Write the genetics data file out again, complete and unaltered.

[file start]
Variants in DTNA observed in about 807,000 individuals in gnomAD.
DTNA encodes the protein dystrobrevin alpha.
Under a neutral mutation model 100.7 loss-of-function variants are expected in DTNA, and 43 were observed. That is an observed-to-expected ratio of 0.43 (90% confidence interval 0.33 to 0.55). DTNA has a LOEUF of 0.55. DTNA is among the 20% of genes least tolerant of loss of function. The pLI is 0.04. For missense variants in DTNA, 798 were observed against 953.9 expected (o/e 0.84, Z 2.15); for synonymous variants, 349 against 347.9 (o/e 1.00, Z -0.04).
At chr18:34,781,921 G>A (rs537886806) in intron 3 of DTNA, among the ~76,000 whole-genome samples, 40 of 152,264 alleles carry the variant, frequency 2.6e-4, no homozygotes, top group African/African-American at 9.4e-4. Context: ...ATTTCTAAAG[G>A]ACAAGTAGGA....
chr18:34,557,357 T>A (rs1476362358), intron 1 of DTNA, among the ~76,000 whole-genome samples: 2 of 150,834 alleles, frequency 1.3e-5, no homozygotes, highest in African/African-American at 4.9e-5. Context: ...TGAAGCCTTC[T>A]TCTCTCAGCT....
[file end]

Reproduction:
Variants in DTNA observed in about 807,000 individuals in gnomAD.
DTNA encodes the protein dystrobrevin alpha.
Under a neutral mutation model 100.7 loss-of-function variants are expected in DTNA, and 43 were observed. That is an observed-to-expected ratio of 0.43 (90% confidence interval 0.33 to 0.55). DTNA has a LOEUF of 0.55. DTNA is among the 20% of genes least tolerant of loss of function. The pLI is 0.04. For missense variants in DTNA, 798 were observed against 953.9 expected (o/e 0.84, Z 2.15); for synonymous variants, 349 against 347.9 (o/e 1.00, Z -0.04).
At chr18:34,781,921 G>A (rs537886806) in intron 3 of DTNA, among the ~76,000 whole-genome samples, 40 of 152,264 alleles carry the variant, frequency 2.6e-4, no homozygotes, top group African/African-American at 9.4e-4. Context: ...ATTTCTAAAG[G>A]ACAAGTAGGA....
chr18:34,557,357 T>A (rs1476362358), intron 1 of DTNA, among the ~76,000 whole-genome samples: 2 of 150,834 alleles, frequency 1.3e-5, no homozygotes, highest in African/African-American at 4.9e-5. Context: ...TGAAGCCTTC[T>A]TCTCTCAGCT....